How is an occupational disease defined?

On Behalf of | Oct 24, 2014 | Workers' Compensation

When people are injured at work in the state of Arizona, workers’ compensation can help pay for expenses when a person is not able to work. Some injuries happen because of single accidents like falls or heavy machinery failing. On the other hand, chronic diseases may develop from repetitive movements or contact to dangerous chemicals or other exposures. But, how exactly is an occupational disease defined?

According to the Arizona State Legislature, occupational disease is defined by six requirements. Those include: a direct link between work-related activity and the disease, the disease follows as natural incident of work, there is a proximate cause, the disease is not related to outside work exposures, the disease is related to the character of the work and originated as risk within the business and could not have been foreseen or expanded.

There are also special exemptions and standards for firefighters or peace officers that apply. Some firefighters may be habitually exposed to smoke that may cause an occupational disease to form. An occupational disease is a serious concern for someone because of its impacts on the ability to work and future compensation. An occupational disease must meet those six requirements to be considered and could range in a variety of things from carpal tunnel syndrome, to lead poisoning.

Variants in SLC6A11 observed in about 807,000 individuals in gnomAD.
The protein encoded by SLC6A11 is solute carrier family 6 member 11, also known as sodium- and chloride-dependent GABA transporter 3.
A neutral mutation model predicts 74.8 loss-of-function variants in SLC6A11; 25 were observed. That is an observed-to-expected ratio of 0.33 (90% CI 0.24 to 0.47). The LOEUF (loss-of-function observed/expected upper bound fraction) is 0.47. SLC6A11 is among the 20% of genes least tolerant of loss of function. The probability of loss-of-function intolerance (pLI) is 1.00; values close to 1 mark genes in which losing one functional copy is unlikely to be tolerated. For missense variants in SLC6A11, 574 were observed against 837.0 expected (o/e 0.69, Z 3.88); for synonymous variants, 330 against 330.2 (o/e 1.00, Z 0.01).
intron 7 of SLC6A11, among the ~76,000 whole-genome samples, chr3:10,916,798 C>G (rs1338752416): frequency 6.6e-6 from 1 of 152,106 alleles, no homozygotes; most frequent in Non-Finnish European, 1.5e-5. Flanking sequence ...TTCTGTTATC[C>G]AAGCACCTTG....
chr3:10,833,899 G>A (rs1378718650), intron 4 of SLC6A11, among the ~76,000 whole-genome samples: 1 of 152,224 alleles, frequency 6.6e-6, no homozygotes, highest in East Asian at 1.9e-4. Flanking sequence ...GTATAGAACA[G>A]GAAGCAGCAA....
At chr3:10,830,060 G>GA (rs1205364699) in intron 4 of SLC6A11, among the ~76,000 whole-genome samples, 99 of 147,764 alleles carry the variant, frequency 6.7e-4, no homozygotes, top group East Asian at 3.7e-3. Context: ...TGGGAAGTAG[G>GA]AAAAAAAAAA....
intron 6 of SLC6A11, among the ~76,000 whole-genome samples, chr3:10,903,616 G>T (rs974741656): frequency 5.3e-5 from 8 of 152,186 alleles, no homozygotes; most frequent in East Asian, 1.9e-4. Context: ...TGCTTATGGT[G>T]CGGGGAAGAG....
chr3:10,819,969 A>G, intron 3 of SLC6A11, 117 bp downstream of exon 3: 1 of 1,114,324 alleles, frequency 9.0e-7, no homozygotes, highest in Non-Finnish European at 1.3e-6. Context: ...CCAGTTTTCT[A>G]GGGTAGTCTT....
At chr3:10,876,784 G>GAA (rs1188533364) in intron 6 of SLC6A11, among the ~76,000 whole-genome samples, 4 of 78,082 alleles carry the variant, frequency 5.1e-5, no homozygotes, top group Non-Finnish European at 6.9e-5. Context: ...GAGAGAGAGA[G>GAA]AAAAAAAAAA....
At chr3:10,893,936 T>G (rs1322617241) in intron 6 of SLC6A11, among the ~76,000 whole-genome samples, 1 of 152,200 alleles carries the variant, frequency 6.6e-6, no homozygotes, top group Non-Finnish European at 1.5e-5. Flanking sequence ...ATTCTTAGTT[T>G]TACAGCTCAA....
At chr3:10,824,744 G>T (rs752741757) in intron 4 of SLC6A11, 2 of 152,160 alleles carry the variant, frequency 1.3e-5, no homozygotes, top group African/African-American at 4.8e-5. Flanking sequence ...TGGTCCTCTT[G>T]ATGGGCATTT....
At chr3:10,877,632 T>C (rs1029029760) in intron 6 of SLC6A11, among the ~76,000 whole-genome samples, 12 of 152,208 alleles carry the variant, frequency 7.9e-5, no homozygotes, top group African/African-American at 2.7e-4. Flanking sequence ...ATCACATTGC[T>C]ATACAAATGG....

If someone is injured on the job, they have a right to compensation to help pay for medical treatment and future lost income. Workers’ compensation can help provide compensation for someone who is put out of work because of an occupational disease. It’s important to know how an occupational disease is defined in Arizona, and what opportunities there are for compensation. An occupational disease doesn’t mean the end of work, but finding help is important to help manage any chronic symptoms.

Source: Arizona State Legislature, “23-901.01,” accessed on Oct. 23, 2014